Upon reaching Batts Wall turn left (east) and follow the wall up the steep climb. The initial boggy section is quickly left behind as you ascend – it’s easier to climb on the right hand (south) side of the wall as there is more of a trail on this side. Whilst the climb is quite steep with boulders and heavy vegetation in parts, it is relatively short. The summit of Shanlieve, marked by a small cairn of stones, offers views to make the steepness well worth enduring.
From the summit of Shanlieve there are a number of options you can take: firstly you can return back to Leitrim Lodge, retracing your steps for a 9.3km hike; alternatively, you can continue along Batt’s Wall to Eagle Mountain. I selected the latter.
Eagle Mountain, at 638m, is the highest peak in the Western Mournes. Along the eastern side of Eagle lies the Eagle Mountain crags, extensive crags and cliff edges upon which eagles once made their home, hence the name. Unfortunately, however, the eagles are long since gone.
The route from the summit of Shanlieve to Eagle Mountain is short (approximately 250m) and straightforward, following Batts Wall to the east. The summit of Eagle Mountain is also marked by a small stone cairn and it also offers great views of the high Mournes and the Irish Sea. Again, from this point if you wish you can retrace your steps back to Leitrim Lodge, or you can continue to complete a larger loop.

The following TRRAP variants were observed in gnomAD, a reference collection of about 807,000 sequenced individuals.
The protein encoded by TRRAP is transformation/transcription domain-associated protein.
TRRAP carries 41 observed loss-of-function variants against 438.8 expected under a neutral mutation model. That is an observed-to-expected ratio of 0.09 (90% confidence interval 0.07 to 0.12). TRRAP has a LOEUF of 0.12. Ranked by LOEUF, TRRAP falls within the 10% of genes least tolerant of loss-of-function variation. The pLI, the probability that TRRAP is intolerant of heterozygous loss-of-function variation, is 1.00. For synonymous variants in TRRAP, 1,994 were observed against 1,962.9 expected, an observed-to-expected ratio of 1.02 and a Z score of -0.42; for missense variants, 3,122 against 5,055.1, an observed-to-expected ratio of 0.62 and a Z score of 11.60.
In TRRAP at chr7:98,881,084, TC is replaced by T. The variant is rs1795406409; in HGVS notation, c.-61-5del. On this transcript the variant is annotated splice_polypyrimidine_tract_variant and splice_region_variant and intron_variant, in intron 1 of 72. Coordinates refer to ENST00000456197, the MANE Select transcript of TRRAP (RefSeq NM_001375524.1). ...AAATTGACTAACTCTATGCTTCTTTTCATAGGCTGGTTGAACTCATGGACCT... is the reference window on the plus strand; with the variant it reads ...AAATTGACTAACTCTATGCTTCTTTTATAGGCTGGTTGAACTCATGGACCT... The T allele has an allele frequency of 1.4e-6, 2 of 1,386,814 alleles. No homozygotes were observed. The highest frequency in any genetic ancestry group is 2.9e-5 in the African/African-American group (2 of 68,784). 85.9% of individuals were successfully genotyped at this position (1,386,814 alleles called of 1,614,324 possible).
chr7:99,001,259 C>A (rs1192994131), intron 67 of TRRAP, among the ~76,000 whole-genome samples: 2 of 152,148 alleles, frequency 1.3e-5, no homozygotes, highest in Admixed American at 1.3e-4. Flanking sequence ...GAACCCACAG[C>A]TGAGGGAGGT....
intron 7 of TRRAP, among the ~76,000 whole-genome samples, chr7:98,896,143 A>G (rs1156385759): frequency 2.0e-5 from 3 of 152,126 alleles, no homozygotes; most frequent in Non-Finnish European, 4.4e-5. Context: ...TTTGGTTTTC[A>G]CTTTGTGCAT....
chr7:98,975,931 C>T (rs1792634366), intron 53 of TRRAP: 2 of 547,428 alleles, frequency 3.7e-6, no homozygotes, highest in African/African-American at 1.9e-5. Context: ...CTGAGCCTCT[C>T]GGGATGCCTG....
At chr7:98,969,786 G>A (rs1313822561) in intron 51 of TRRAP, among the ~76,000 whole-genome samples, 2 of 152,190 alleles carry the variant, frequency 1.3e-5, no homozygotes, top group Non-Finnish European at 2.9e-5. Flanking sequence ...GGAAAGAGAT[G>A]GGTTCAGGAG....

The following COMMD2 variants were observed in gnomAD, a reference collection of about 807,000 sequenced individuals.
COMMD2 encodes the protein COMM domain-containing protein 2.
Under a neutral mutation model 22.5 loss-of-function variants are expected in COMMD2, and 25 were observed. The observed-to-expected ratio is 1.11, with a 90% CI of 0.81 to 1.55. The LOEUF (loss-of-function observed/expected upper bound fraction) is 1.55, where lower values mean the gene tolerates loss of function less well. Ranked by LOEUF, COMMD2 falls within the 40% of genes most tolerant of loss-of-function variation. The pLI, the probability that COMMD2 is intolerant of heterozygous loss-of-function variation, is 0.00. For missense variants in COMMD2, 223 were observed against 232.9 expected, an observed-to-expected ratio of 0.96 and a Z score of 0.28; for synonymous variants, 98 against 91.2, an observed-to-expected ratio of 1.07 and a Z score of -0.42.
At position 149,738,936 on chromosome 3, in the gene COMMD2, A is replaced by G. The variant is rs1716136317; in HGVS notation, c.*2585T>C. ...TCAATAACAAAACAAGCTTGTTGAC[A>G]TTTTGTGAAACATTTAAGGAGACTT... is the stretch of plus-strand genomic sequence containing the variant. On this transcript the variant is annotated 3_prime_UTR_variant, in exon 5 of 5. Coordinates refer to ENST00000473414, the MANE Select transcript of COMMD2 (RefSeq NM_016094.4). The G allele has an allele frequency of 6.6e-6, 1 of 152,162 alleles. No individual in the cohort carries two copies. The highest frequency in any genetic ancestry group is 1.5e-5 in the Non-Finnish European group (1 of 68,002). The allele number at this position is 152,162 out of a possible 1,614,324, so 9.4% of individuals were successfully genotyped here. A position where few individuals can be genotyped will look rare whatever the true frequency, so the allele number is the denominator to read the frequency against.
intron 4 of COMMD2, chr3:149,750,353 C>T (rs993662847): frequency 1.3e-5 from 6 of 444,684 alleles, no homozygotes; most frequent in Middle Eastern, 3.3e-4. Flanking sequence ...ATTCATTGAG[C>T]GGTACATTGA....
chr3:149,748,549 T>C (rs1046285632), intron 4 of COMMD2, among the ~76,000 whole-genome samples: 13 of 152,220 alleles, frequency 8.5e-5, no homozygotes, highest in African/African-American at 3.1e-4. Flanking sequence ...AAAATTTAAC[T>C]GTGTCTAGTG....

I continued along Batts Wall, descending from Eagle Mountain towards the Windy Gap, the low point along the wall between Eagle Mountain and Slievemoughanmore. Descending, I find it easier to keep to the right hand (south) side of the wall as the way down can be quite tricky in parts, with heavy concentrations of rocks and boulders. Windy Gap itself is wet and boggy at the best of times so you may need to be careful to avoid getting too wet!
From Windy Gap I climbed to the summit of Slievemoughanmore, another steep but relatively short climb. Make sure to climb on the left hand (north) side of the wall as this side offers a much better track with less boulders and heavy vegetation. The view from the summit offers great views of Spelga Dam to the northeast.
I continued along Batts Wall, descending Slievemoughanmore on the eastern side to the gap between it and Pigeon Rock Mountain. This gap contains a stile – at this stile I turned left (north west), away from the wall. Very quickly after leaving the wall you come upon a stream – the Rowan Tree River. Follow this river, keeping it on your left. As you walk a loose trail becomes more and more obvious and after about 700m a trail is very clear, so continue along this route.